When I stumbled upon photos of stunning mountain house by Bernardo Bader I decided it would be a great exercise to recreate it in 3dsmax. Like every other project I started with collecting reference images and luckily I also found blueprints of the building and site. It allowed me to recreate it in 3d very accurately without need to worry about keeping correct proportions and dimensions.
I already knew I was going to do many views of the house, so I started work with modelling the building. The base mesh was simple poly modelling, following the blueprints.
After that I created boarding on the exterior walls. As you may suspect I used the great plugin from cg-source – floor generator. The process is very straightforward and was covered in many articles so I won’t explain it in depth.
When all the walls were ready I created wooden framing around the windows and placed windows in place.
After that I focused on all important details – roof, drainage and interior prepositions. These small elements really add realism to the image. As you can see I also added some snow fences on roof.
For interior I used some of models I made or used before. I just needed them to “crowd” the space a little bit.
My next goal was adding snow to the roof. Since the roof is really simple I could do this with simply extruding roof faces, but I decided to try to do this with particle flow. The setup was quite obvious – particles were born above the roof (which was set as a deflector) and they fell and stuck to the roof on collision to form a thick layer. The resulting simulation was then meshed using 3dsmax blob mesh compound object. The result was fine, but I believe it could have been achieved with simple poly modelling in a fraction of time needed to set up and mesh particles. And of course it covered the snow fences I pedantically placed on the roof.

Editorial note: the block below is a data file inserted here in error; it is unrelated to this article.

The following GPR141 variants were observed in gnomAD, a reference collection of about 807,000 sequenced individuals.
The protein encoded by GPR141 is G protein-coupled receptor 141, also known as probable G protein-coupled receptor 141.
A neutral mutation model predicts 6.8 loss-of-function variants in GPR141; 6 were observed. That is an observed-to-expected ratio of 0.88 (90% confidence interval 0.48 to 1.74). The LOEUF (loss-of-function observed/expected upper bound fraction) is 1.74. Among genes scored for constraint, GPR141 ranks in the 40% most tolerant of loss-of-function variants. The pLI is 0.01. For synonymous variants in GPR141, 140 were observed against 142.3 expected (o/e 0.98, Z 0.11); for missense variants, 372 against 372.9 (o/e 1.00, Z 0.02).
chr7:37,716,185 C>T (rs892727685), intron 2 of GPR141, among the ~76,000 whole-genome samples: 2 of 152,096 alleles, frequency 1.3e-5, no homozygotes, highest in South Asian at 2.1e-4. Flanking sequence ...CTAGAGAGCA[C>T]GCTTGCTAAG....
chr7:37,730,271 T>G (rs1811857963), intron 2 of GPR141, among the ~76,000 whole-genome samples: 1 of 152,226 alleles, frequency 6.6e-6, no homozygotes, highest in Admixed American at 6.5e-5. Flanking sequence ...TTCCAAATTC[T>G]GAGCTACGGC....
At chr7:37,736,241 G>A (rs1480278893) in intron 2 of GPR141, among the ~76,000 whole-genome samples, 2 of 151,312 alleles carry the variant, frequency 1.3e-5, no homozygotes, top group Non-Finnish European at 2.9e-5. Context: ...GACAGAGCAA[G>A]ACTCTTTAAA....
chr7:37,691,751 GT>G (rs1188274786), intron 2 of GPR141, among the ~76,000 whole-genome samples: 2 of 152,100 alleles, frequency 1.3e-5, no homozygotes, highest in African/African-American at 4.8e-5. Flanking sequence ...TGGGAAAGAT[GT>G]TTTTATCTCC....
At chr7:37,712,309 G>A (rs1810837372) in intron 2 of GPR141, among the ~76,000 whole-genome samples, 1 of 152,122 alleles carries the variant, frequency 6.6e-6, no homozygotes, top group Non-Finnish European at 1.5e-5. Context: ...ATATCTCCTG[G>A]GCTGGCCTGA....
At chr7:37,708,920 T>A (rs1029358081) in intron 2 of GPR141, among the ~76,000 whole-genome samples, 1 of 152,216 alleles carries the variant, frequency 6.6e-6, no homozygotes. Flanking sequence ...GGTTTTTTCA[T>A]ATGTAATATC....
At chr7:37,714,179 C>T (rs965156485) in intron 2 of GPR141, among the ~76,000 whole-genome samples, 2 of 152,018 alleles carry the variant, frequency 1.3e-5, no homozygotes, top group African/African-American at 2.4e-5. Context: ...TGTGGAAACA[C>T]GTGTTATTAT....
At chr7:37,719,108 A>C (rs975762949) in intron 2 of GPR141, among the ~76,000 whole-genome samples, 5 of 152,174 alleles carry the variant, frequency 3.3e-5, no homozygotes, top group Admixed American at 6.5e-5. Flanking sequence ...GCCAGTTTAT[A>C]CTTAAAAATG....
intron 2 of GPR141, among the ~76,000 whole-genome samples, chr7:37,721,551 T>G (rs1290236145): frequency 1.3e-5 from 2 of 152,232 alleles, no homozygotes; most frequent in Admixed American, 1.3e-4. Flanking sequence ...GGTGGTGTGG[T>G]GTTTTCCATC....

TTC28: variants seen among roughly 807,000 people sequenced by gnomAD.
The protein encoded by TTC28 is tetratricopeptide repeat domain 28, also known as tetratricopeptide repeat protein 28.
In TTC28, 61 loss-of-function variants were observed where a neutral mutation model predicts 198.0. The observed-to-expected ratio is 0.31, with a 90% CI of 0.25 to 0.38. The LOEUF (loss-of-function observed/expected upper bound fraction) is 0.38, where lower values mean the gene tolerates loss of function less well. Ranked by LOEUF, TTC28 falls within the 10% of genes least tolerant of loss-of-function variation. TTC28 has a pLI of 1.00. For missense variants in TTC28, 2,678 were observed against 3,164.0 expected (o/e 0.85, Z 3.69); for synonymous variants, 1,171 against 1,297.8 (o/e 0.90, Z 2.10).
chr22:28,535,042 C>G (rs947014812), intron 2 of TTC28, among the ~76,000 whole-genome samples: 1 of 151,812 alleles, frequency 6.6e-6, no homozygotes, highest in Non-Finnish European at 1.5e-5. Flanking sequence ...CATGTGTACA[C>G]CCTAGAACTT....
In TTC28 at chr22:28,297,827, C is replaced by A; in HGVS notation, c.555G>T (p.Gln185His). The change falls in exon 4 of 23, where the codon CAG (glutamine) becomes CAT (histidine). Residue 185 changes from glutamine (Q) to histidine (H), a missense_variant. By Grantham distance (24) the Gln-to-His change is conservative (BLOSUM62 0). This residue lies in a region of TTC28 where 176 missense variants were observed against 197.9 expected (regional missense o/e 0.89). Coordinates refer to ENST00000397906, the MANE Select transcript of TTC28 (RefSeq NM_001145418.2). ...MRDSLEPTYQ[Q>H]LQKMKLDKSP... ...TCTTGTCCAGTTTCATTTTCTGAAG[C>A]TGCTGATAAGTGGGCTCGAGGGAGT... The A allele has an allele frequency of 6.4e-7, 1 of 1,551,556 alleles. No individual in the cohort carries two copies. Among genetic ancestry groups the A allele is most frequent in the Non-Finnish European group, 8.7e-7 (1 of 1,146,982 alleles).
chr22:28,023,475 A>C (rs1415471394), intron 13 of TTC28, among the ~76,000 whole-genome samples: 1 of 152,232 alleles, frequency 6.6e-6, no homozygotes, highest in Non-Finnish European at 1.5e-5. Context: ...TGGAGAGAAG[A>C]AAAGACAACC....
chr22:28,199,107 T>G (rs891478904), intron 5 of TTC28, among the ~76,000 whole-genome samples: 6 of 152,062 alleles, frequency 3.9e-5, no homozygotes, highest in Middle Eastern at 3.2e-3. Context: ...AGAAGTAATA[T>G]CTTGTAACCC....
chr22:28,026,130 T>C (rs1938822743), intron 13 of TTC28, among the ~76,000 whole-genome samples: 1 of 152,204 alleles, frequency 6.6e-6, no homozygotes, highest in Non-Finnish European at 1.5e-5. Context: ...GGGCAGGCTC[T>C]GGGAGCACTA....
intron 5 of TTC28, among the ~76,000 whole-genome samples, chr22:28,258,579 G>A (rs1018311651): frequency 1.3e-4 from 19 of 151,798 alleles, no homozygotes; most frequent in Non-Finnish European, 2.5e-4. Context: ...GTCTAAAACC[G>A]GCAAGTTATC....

I also added some icicles in appropriate places. Finally they turned out really good and gave nice touch to the image. At this point I created some basic materials for the building. I will show them later with materials for the environment in next part of this making of.
Having completed the building I moved to the terrain/foliage part. Since I had more or less the location of the site I imported via Sketchup the 3d terrain around Fontanella, Austria to a new file – I decided to Xref the building to keep the files smaller and simpler. The model of ground was really low poly, but it still gave some basic definition and let me set up cameras for different views. After I finished framing the shots, I split the terrain into few parts, depending how close they were to the house and/or cameras and subdivided them appropriately.
At the beginning I thought I was going to use some of downloaded reference images as a background with high mountains, but I couldn’t find really satisfying pictures so I modeled 1 quasi-parametric mountain. It was made almost completely with both noise modifiers (with fractal mode on) and smoke/noise displacement maps. I made few copies of the mountain, each with some variation in rotation and scale. One more time I created some basic materials for the newly added parts of the project.
For the forest I used Multiscatter plugin and previously prepared fir trees. I detached parts of terrain that were going to be covered in trees and used them as distribution objects for vegetation. The setup was very simple – I just set some variation in rotation and scale of the proxy meshes and picked suitable quantity of trees. I used models from R&D Trees Vol 4 which were great, but not 100% accurate for winter environment. Since I needed snow covered trees I changed branches material in a similar way I made mountains material described below.